Getting Prepared for Flu
September is National Preparedness Month. In light of the continuing spread of the H1N1 virus – or swine flu – the National Association of Insurance Commissioners (NAIC) encourages consumers to include a flu response plan in their disaster preparations this year. The first step in making that plan is a comprehensive review of your insurance policies. Here are a few things you should look for:
The World Health Organization (WHO) is advising countries in the northern hemisphere to prepare for a second wave of pandemic spread. In many cities and towns, schools and hospitals are already dealing with wide-spread outbreak. A vaccine for the H1N1 strain of flu is expected later this fall, and the U.S. Centers for Disease Control suggest that the following groups consider the vaccine: pregnant women, people who live with or care for children younger than 6 months of age, healthcare and emergency medical services personnel, persons between the ages of 6 months and 24 years old, and people 25 through 64 years of age who are at higher risk for 2009 H1N1 because of chronic health disorders or compromised immune systems.
It’s always important to understand your health insurance policy, but with the potential for an increased demand for health care services, you need to be even more aware of your specific plan details. Take a few minutes to read your policy carefully in order to answer the following questions:
Be prepared for any eventuality with the following checklist:
Business Interruption Insurance
Business owners might be concerned about having to shut down their
operations due to an outbreak or absenteeism. Check your business
interruption policy to see what eventualities will trigger coverage under
your plan. Coverage generally requires the interruption to be caused by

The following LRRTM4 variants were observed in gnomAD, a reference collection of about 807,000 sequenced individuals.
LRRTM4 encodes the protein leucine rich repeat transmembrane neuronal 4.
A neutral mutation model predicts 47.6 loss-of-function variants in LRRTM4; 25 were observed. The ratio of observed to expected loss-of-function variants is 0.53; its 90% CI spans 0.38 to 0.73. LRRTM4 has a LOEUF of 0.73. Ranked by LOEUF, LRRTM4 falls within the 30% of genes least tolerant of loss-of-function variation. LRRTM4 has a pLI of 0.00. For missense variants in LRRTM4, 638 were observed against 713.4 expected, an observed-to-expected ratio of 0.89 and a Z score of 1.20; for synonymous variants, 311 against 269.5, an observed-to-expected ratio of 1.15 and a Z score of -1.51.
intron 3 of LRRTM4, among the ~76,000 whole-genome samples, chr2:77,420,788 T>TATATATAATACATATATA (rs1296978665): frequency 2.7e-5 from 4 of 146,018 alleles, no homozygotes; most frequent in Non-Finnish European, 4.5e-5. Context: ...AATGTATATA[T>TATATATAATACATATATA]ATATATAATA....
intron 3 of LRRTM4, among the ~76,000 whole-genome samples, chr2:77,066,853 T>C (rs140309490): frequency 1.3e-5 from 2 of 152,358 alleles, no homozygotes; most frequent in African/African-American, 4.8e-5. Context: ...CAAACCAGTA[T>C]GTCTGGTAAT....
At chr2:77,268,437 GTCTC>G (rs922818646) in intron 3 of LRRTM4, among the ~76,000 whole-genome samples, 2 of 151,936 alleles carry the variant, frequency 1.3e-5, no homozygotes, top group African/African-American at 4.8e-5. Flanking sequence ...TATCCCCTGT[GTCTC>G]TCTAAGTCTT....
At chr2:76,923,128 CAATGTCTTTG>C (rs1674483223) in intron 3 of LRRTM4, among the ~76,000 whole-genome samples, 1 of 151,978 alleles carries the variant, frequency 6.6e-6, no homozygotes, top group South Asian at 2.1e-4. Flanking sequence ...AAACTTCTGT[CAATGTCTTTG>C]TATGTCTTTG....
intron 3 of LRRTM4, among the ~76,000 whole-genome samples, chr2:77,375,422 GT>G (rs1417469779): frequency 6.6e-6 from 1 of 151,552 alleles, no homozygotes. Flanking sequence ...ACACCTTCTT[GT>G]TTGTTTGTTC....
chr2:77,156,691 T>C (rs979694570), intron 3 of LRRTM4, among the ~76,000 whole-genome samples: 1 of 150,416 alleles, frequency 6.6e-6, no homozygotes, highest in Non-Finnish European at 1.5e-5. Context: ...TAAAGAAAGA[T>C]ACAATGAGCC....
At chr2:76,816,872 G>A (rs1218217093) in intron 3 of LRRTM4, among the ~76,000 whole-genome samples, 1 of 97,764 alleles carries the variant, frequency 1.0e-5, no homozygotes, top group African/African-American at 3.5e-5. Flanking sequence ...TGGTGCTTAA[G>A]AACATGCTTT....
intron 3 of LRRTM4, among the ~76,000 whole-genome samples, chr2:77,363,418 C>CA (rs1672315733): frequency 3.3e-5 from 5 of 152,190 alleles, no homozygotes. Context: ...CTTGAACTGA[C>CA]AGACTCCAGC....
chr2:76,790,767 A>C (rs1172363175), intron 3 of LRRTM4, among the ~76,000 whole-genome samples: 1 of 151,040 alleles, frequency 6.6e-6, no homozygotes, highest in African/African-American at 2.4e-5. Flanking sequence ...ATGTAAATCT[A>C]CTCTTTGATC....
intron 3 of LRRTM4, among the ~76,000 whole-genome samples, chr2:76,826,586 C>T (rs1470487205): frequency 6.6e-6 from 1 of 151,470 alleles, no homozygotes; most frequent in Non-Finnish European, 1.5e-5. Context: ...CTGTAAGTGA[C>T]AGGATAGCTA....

physical damage or loss (e.g., fire or weather).
The federal government has created a Web site with information: www.pandemicflu.gov.
The U.S. Centers for Disease Control also has extensive information about H1N1 Influenza on its Web site: www.cdc.gov/swineflu/.
If you are unable to resolve any concerns you have about your health insurance with your insurance company, contact your state insurance department at www.naic.org/state_web_map.htm. You can also use the following link to file a complaint with your state insurance department about your insurance or your insurance company: https://eapps.naic.org/cis/.
Beware of insurance fraud during this time of heightened awareness. To avoid insurance fraud, make sure the company you're dealing with is reputable and licensed to do business in your state. Before signing any paperwork or writing a check, STOP; CALL your state insurance department; and CONFIRM that the insurance company or agent is legitimate and licensed in your state.
If you believe you have been a victim of insurance fraud, alert your state insurance department. Visit www.naic.org/state_web_map.htm for details on how to contact your state insurance regulator to report the fraud.
Get more information about creating an insurance disaster preparedness plan from the NAIC. Information here (http://www.naic.org/index_disaster_section.htm) will help you prepare a home inventory that will save you time and frustration following a disaster.
About the NAIC
Formed in 1871, the National Association of Insurance Commissioners
(NAIC) is a voluntary organization of the chief insurance regulatory
officials of the 50 states, the District of Columbia and five U.S.
territories. The NAIC has three offices: Executive Office, Washington,
D.C.; Central Office, Kansas City, Mo.; and Securities Valuation Office,
New York City. The NAIC serves the needs of consumers and the industry,
with an overriding objective of supporting state insurance regulators as
they protect consumers and maintain the financial stability of the
insurance marketplace. For more consumer information, visit insureUonline.org.
To unsubscribe from all NAIC Electronic Services,
send a blank e-mail to NAIC
Opt Out services.